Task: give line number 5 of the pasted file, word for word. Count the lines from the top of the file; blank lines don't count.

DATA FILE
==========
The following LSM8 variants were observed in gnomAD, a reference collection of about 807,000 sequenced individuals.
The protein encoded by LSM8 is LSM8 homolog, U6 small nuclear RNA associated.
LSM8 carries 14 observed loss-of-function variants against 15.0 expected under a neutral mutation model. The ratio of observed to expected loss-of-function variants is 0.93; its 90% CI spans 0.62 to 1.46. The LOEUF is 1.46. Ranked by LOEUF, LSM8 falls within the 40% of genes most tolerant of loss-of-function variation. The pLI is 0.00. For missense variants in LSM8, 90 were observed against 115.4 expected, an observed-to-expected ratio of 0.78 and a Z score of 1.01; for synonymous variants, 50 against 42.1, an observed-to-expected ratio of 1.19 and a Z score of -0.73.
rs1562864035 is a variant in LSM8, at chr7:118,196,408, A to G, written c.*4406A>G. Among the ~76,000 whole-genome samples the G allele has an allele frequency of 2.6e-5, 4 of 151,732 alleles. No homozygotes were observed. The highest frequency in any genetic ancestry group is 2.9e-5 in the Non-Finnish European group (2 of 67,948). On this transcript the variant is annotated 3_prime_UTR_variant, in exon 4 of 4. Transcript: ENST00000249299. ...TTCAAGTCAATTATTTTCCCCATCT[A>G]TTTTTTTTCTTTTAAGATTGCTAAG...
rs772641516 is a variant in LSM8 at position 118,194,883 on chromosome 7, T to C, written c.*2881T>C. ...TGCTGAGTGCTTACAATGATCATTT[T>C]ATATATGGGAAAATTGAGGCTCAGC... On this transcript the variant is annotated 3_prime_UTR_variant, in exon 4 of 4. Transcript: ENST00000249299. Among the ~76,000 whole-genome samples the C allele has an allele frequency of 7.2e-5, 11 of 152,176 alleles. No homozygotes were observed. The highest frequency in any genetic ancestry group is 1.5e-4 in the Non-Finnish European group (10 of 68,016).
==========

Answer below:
rs772641516 is a variant in LSM8 at position 118,194,883 on chromosome 7, T to C, written c.*2881T>C. ...TGCTGAGTGCTTACAATGATCATTT[T>C]ATATATGGGAAAATTGAGGCTCAGC... On this transcript the variant is annotated 3_prime_UTR_variant, in exon 4 of 4. Transcript: ENST00000249299. Among the ~76,000 whole-genome samples the C allele has an allele frequency of 7.2e-5, 11 of 152,176 alleles. No homozygotes were observed. The highest frequency in any genetic ancestry group is 1.5e-4 in the Non-Finnish European group (10 of 68,016).